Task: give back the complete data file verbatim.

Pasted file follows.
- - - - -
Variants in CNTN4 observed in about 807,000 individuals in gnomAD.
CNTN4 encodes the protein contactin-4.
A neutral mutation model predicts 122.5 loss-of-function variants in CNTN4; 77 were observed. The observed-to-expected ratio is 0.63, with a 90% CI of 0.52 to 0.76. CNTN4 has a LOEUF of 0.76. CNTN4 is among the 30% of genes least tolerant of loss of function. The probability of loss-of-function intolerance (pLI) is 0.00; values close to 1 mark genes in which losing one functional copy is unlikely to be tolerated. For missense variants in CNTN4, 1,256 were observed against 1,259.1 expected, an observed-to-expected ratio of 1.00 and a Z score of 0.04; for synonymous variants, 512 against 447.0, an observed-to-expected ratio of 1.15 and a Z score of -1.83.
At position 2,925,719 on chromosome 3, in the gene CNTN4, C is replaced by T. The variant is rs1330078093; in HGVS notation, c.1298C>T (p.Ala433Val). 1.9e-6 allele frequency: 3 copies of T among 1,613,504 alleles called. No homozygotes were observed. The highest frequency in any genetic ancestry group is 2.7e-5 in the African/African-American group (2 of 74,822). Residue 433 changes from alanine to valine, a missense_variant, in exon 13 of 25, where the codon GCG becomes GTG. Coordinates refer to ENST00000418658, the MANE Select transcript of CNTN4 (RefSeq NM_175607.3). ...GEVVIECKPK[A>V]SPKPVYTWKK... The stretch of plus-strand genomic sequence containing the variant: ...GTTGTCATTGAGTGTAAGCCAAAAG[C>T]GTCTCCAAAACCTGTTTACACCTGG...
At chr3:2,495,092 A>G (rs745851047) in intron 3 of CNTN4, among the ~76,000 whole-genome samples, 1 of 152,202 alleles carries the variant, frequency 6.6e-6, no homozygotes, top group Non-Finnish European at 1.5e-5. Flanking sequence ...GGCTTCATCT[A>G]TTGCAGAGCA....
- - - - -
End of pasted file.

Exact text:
Variants in CNTN4 observed in about 807,000 individuals in gnomAD.
CNTN4 encodes the protein contactin-4.
A neutral mutation model predicts 122.5 loss-of-function variants in CNTN4; 77 were observed. The observed-to-expected ratio is 0.63, with a 90% CI of 0.52 to 0.76. CNTN4 has a LOEUF of 0.76. CNTN4 is among the 30% of genes least tolerant of loss of function. The probability of loss-of-function intolerance (pLI) is 0.00; values close to 1 mark genes in which losing one functional copy is unlikely to be tolerated. For missense variants in CNTN4, 1,256 were observed against 1,259.1 expected, an observed-to-expected ratio of 1.00 and a Z score of 0.04; for synonymous variants, 512 against 447.0, an observed-to-expected ratio of 1.15 and a Z score of -1.83.
At position 2,925,719 on chromosome 3, in the gene CNTN4, C is replaced by T. The variant is rs1330078093; in HGVS notation, c.1298C>T (p.Ala433Val). 1.9e-6 allele frequency: 3 copies of T among 1,613,504 alleles called. No homozygotes were observed. The highest frequency in any genetic ancestry group is 2.7e-5 in the African/African-American group (2 of 74,822). Residue 433 changes from alanine to valine, a missense_variant, in exon 13 of 25, where the codon GCG becomes GTG. Coordinates refer to ENST00000418658, the MANE Select transcript of CNTN4 (RefSeq NM_175607.3). ...GEVVIECKPK[A>V]SPKPVYTWKK... The stretch of plus-strand genomic sequence containing the variant: ...GTTGTCATTGAGTGTAAGCCAAAAG[C>T]GTCTCCAAAACCTGTTTACACCTGG...
At chr3:2,495,092 A>G (rs745851047) in intron 3 of CNTN4, among the ~76,000 whole-genome samples, 1 of 152,202 alleles carries the variant, frequency 6.6e-6, no homozygotes, top group Non-Finnish European at 1.5e-5. Flanking sequence ...GGCTTCATCT[A>G]TTGCAGAGCA....